What Car? True MPG winners and losers
- Cars that fall short of MPG figures…
- …and those that hit the mark
- What's your True MPG?
Driving a Kia Picanto could be a lot more costly than you think, while Mercedes-Benz S350L CDI Bluetec owners should be paying less than expected to keep their car moving, according to real-world fuel efficiency figures from What Car?'s new True MPG service.
What Car? True MPG economy testing programme has revealed the cars that live up to and fall short of official Government figures when driven in real-world conditions on the UK's road network.
Official mpg figures are controlled by EU law and are conducted in laboratory conditions on rolling roads. However, What Car?'s True MPG takes the test to the UK's streets and uses real-world driving data to provide a powerful tool to help buyers choose the car that's right for them – and their driving habits.
The Kia Picanto 1.0 2 and Mercedes-Benz S350L CDI Bluetec reveal the stark benefits of using What Car?'s True MPG, with the Kia supermini failing to thrive in real-world driving conditions, while the Mercedes' eco-friendly Bluetec model exceeds its official MPG expectations.
Kia's popular supermini records a What Car? True MPG average economy of 41.2mpg in our real-world driving tests, which is much less than the official laboratory-based figure of 67.3mpg.
A Picanto owner driving an average of 12,000 miles per year could pay around £2200 more for fuel than official figures suggest over a period of three years.
For example, comparing the difference between official mpg figures and What Car? True MPG data, the difference in purchase price between a Ford Fiesta 1.25 82 Zetec and the Kia Picanto 1.0 2 – considering the additional expense of fuel over three years – could shrink from £2750 to just £1435.
Hybrid cars calculation
If you are thinking about buying a hybrid car you should also take time to visit What Car?'s True MPG site. A Peugeot 3008 Hybrid4 with an official average of 70mpg, was found by our testers to manage just 46mpg – a shortfall of 24 miles. This equates to a driver travelling 12,000 miles a year, spending an extra £1821 over a three-year period.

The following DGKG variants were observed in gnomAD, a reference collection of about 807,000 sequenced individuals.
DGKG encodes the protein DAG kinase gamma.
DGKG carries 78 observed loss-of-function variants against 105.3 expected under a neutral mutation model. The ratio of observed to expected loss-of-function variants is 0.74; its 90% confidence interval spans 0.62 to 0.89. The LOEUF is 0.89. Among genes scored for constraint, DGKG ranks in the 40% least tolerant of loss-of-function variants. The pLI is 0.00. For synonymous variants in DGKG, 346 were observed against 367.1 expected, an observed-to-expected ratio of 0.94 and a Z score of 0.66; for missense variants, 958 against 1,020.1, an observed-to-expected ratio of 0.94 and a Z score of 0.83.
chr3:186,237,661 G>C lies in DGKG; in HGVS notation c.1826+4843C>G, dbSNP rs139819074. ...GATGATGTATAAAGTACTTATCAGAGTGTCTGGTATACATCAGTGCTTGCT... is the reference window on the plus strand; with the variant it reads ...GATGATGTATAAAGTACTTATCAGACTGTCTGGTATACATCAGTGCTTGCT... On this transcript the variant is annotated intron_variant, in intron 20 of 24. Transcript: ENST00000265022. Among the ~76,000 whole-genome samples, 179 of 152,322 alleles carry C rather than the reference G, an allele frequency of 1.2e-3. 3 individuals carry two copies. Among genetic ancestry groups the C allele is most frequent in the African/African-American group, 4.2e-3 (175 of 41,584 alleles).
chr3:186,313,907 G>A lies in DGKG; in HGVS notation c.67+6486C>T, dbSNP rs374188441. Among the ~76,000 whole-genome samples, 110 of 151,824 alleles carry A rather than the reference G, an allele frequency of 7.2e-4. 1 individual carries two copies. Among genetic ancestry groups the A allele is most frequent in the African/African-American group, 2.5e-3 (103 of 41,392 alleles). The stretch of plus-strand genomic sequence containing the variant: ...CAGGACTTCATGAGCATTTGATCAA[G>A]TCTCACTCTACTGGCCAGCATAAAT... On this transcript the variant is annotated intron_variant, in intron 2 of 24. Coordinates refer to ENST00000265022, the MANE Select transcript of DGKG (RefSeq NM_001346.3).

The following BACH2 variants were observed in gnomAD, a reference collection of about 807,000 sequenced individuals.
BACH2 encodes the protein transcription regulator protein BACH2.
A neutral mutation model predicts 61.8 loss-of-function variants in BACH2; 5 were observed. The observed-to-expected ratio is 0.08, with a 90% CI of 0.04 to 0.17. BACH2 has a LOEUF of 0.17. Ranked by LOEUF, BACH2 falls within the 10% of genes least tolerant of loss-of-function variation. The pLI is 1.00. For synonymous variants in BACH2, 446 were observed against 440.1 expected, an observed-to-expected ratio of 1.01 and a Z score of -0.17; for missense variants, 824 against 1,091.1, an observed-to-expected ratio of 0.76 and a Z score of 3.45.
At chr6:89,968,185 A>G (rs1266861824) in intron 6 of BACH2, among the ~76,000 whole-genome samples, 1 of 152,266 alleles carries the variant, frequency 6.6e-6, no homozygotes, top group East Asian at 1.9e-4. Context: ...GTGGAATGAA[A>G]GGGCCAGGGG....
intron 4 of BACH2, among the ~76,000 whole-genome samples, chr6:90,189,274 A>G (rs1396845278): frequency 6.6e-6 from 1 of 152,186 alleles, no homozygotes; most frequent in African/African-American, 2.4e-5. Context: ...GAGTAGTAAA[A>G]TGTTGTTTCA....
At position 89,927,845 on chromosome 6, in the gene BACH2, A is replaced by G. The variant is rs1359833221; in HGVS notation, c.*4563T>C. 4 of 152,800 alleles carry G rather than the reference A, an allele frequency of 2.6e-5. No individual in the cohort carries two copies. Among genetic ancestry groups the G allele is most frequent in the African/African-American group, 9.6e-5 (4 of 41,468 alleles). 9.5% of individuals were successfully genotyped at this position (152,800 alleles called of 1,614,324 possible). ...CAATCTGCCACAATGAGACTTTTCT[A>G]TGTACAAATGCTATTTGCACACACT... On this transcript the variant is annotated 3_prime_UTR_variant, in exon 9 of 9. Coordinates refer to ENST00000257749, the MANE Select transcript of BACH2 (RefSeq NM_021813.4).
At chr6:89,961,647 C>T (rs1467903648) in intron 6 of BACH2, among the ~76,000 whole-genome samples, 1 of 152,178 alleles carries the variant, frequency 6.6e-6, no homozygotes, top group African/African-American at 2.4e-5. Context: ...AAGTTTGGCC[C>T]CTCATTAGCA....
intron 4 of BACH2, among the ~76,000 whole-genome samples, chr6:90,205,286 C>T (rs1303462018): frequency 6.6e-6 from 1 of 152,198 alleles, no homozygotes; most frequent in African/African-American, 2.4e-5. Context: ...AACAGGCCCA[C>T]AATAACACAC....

Drivers looking to profit from real-world driving costs revealed by the What Car? initiative could do worse than considering the Mercedes-Benz S350L CDI Bluetec. The S-Class exceeds official expectations for its average economy by 2%, which equates to a saving of £105 over three years for a motorist doing 12,000 miles a year. Small change for a car that costs £64,610, but the What Car? True MPG initiative will reveal other cars that closely match or exceed official mileage expectations.
The Vauxhall Corsa 1.2i VVT Ecoflex SXi S/S also performs well, with only -1% variance from its official average mpg figure. This is particularly impressive for the supermini, which sits among larger, more sophisticated cars at this end of the True MPG scale. Relate this to a three-year period with the driver covering 12,000 miles a year, and the Corsa will add just £53 to the cost of the official mpg expectations.
Find out for yourself
If you're buying a car, then make sure you visit the True MPG website to find the True MPG figure for the car you're considering – and on the roads you drive.
*Price comparisons are based on the average price per litre of unleaded and diesel week ending April 27, 2012. Data sourced from fuel price data is supplied by Experian Catalist in cooperation with Arval UK Ltd.
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